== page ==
Raku is a firing technique used to produce one of a kind pieces of work with a "crackle" finish. Originally from China, Raku was used to make tea bowls in a portable kiln heated by wood. My kiln consists of a brick base and lined drum lid and is heated with propane.

Bisque ware that I've sculpted into "Beasties" is glazed and fired outside in my kiln. When the temperature in the kiln reaches 18000 F and the glaze is "melty", I turn the kiln off and open it up.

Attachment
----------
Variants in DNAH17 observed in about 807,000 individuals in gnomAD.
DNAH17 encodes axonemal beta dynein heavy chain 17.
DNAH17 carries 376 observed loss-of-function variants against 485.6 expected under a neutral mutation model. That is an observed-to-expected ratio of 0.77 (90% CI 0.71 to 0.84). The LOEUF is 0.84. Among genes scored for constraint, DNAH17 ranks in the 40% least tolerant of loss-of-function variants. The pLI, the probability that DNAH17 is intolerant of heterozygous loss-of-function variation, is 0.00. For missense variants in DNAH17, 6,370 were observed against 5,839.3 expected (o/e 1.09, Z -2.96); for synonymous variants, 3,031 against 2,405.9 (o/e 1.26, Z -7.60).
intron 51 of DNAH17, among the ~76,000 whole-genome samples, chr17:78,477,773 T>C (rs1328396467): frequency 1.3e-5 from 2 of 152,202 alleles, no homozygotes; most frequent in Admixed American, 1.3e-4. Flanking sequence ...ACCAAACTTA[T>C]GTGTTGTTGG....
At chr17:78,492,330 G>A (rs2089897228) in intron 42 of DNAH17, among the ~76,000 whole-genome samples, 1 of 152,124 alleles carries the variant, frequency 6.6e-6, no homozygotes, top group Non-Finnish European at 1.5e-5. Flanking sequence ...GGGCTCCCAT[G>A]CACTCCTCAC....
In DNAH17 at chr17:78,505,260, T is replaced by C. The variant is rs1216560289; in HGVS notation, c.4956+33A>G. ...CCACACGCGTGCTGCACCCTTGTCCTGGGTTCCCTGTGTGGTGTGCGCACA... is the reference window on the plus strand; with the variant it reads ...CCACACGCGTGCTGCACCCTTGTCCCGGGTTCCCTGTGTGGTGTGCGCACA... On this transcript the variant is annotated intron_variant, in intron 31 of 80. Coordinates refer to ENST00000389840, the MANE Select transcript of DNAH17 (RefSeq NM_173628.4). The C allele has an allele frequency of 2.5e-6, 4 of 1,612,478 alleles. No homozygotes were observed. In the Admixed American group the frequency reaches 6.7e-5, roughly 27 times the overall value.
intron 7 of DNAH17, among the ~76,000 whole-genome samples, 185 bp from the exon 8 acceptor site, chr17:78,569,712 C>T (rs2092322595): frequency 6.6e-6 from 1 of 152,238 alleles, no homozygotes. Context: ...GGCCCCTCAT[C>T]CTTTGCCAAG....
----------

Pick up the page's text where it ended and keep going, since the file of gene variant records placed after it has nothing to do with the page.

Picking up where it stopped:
Using tongs or a potato fork, I very carefully lift the red hot Beasties out of the kiln and place them in a barrel of pine needles and put the lid on. Taking the pieces from the very hot kiln out into the air causes the glaze to crack.

The smoke from the pine needles goes into the exposed clay surfaces and inside the cracked glaze and gives the pieces a smoky color. There's no controlling the process so each piece has a unique crackle pattern and color. I find exiting to watch the beasties come alive!